In the Field of Grace: This is Ruth’s Story. We all know Ruth left her people, and followed Naomi, even against Naomi’s advice.

  • But what was her home like, that she was eager to go to Bethlehem, where her people were NOT popular?
  • Why was she so eager to go live as two widows alone without support? What kind of witness was Naomi and her family?
  • What kind of welcome did Ruth receive? We read of Naomi’s friends reacting to her return, but not so much how Ruth was treated, other than by Boaz.
  • This story also helps us understand the whole Kinsman-Redeemer thing, in Ruth’s time, and Jesus’ fulfillment.

Jill Eileen Smith: Fantastic with Women of the Bible

Another of my favorite Biblical fiction authors, Jill Eileen Smith has written the “Wives” series. Wives of the Patriarchs and Wives of King David. Definitely a unique experience, and very unforgettable!

The culture and customs laws and traditions become so much more, reading of Sarai, Rebekah, Rachel, as well as Michal, Abigail and Bathsheba. Their husbands and children too!

Jill has also written the Daughters of the Promised Land. Rahab and Ruth, Deborah and Hannah. I’m looking forward to reading this set, particularly Deborah and Hannah. I’ve read several Biblical fiction authors takes on Ruth and Rahab, but only one or two of Deborah, and none giving us the chance to learn more about Hannah.

Related Reading

Connilyn Cossette Taking Over the Promised Land

If the time of settling into the Promised Land intrigues you, I highly recommend Connilyn Cossette’s Cities of Refuge series. You can learn more about it, and how to dwell in the shelter of the MOST HIGH, here.

One really neat way to spend more time dwelling with Jesus is to pick a theme to study. I found this subscription box that looks pretty cool: The Delilah Box. It promises 2-3 books each month, studying a woman of the Bible. It might be Biblical Fiction or a Bible study, or both, plus a few extra items just because.

Nathan Crocker Shows Spiritual Warfare Well

I received a copy of this book from the author. All thoughts are my own.

A brand new book by a man who’s new to the world of Biblical fiction authors, Nathan Crocker takes us back to before “In the beginning” to witness the fall of satan. And the angels who made their choices, to be loyal to God, or their pride. Themes of spiritual warfare, hope, forgiveness, and justice are found in this must-read book.

The Loyal Angel is fantastic! The scope of this book is incredible. You feel like you’re present in every moment shared, from before creation to Paul’s stay in Philipi.

It’s plausible, fun, and exciting from beginning to end.

This book brings understanding to spiritual warfare in a way that both wakes you up to how serious it is and encourages you at the same time. I was very much impressed by the depth and hope filling the pages.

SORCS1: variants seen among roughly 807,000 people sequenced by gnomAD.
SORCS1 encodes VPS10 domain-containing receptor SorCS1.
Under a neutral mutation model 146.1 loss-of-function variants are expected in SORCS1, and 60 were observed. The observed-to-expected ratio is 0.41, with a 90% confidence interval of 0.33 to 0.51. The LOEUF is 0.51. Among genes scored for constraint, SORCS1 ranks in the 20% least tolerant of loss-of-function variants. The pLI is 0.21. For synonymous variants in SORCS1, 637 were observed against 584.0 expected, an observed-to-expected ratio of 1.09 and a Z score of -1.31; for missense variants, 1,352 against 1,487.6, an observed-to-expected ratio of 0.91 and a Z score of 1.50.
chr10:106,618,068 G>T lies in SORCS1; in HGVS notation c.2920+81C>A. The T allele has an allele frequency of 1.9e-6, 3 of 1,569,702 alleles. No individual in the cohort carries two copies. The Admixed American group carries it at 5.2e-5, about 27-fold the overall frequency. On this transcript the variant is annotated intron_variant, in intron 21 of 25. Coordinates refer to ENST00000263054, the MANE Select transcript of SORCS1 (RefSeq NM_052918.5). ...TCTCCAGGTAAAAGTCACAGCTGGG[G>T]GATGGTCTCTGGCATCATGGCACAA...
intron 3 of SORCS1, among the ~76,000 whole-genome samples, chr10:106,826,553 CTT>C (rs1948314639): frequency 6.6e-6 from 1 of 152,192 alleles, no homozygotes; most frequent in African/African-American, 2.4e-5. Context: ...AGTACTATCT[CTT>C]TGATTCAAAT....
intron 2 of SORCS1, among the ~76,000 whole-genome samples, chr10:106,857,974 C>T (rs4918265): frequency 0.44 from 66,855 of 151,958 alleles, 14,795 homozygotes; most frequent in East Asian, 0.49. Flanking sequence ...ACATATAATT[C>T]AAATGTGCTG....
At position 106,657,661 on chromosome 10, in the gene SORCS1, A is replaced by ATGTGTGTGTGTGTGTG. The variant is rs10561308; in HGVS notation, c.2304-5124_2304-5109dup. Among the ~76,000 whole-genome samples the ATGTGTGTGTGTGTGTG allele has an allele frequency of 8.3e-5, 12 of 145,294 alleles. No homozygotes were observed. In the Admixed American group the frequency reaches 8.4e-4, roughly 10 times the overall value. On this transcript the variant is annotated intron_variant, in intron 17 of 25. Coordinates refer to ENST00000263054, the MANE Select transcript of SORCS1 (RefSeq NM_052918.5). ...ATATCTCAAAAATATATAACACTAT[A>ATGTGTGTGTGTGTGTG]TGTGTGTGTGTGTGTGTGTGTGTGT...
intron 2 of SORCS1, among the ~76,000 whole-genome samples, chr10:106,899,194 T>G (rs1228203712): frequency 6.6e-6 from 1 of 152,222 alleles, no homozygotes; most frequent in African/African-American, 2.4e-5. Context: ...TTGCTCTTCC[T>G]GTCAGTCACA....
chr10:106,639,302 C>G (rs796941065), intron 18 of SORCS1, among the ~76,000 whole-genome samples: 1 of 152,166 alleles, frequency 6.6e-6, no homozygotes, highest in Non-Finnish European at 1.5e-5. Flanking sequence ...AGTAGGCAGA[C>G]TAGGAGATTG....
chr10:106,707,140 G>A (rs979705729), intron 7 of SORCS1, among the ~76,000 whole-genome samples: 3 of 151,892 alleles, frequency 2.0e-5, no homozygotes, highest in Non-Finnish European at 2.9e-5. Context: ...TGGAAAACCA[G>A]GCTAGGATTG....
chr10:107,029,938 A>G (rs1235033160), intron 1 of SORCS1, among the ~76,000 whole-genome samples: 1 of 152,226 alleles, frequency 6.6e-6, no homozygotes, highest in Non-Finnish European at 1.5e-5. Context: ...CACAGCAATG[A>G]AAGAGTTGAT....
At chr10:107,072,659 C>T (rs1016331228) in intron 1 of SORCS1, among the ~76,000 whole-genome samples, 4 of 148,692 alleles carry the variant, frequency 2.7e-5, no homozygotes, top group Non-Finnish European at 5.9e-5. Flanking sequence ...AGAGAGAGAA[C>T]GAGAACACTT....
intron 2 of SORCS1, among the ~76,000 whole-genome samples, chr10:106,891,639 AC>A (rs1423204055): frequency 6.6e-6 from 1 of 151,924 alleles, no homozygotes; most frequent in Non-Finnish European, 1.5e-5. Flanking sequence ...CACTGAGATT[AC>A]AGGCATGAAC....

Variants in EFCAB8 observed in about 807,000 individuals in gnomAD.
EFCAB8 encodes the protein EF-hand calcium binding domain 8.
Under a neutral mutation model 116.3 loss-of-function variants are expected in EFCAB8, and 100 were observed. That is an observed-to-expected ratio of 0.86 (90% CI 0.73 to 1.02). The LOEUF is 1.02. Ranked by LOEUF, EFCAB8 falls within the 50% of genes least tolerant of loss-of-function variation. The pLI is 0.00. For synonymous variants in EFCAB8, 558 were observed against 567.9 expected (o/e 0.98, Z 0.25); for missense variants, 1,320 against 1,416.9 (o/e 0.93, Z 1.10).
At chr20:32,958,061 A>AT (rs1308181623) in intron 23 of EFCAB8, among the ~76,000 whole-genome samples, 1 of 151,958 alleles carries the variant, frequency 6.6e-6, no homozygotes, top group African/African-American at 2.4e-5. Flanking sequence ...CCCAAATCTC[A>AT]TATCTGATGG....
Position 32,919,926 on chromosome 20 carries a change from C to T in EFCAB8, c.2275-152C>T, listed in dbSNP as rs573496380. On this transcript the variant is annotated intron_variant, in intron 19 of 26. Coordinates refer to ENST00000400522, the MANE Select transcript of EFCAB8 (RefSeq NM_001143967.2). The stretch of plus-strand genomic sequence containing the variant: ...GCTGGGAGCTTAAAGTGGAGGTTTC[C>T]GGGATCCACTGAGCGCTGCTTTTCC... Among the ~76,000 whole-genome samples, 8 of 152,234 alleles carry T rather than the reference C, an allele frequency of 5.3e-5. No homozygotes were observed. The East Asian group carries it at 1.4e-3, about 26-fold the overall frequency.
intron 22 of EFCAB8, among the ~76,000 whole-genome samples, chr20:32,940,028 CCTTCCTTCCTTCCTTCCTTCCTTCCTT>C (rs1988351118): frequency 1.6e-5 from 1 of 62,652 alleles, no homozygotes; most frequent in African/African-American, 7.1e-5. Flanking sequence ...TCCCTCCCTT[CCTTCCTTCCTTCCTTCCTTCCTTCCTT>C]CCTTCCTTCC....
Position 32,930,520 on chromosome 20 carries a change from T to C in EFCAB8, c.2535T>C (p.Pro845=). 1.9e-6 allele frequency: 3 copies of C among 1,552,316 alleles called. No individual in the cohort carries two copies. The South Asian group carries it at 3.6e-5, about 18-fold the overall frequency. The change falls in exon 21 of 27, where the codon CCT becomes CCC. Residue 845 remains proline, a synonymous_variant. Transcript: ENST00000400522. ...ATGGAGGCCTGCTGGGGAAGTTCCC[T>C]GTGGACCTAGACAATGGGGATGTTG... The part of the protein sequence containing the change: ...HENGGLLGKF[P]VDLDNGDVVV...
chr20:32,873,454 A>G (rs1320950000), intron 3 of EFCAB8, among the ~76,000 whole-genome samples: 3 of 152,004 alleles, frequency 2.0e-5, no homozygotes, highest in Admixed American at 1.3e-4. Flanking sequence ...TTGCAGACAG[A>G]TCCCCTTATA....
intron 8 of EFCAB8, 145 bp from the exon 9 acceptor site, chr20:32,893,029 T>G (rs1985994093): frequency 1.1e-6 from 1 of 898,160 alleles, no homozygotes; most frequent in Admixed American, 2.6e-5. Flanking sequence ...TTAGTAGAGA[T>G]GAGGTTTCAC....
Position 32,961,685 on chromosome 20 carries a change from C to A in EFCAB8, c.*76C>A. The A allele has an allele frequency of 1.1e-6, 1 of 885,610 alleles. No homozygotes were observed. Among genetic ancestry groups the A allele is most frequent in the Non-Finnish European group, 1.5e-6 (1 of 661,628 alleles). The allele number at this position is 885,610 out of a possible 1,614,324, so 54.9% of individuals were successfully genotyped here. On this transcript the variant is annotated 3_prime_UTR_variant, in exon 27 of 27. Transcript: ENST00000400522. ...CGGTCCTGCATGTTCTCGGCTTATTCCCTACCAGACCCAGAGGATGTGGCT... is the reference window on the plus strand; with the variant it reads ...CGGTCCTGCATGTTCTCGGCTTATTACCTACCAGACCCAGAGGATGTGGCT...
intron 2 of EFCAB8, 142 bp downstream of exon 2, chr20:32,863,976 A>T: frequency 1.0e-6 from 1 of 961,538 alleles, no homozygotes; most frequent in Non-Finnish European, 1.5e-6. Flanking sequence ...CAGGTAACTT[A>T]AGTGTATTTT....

I liked that Malachi wasn’t perfect. Angels see way more than we do, and know things we have to take on faith. But even they need to trust God. They also have free will, or there wouldn’t be fallen angels.

I would definitely recommend this book to anyone who enjoys Biblical fiction. And I would ask this Biblical fiction author about a sequel. Who will Malachi {or Grigori} visit next? What stories will he share? The flood / Caanan’s story? Maybe Esther or Daniel?

Shopping for Biblical Fiction

Historical Biblical Fiction

Historical Biblical fiction is a sub-genre that takes place in Ancient History (anywere before AD 60s), takes place in or near Biblical circles, and has characters who trust God. Biblical historical fiction can be beautiful, because it shows more breadth of faith than the Bible has space to cover.

Tessa Again

Tessa Afshar is one of those Biblical fiction authors who also writes books set near the Bible, but not exactly in it. Her Harvest series is more Historical Biblical fiction, because the main characters aren’t in the Bible anywhere, but the story touches on some real historical Biblical events.

In Harvest of Rubies, we focus on Nehemiah’s cousin. Sarah becomes a scribe for the Queen. She solves Mysteries, Learning to Trust God more as time goes on.

God puts her in just the right place at just the right time. Several times. Even when she’s ABSOLUTELY SURE He has made a mistake, and she doesn’t belong there. Scribe to the Queen. Married to THAT Noble.

In Harvest of Gold, after solving another mystery, Sarah and her husband accompany Nehemiah on his journey to Jerusalem, to rebuild the walls. Sarah learns some more lessons about God’s Timing, Faith, and being Honest (with herself and with others)!

Tessa Afshar wrote the Thief of Corinth for sharing with un-saved friends. Themes of love and sacrifice, injustice and blackmail, independence and being trapped are handled very well. The Good News is shared and several are saved, but it’s definitely not preachy.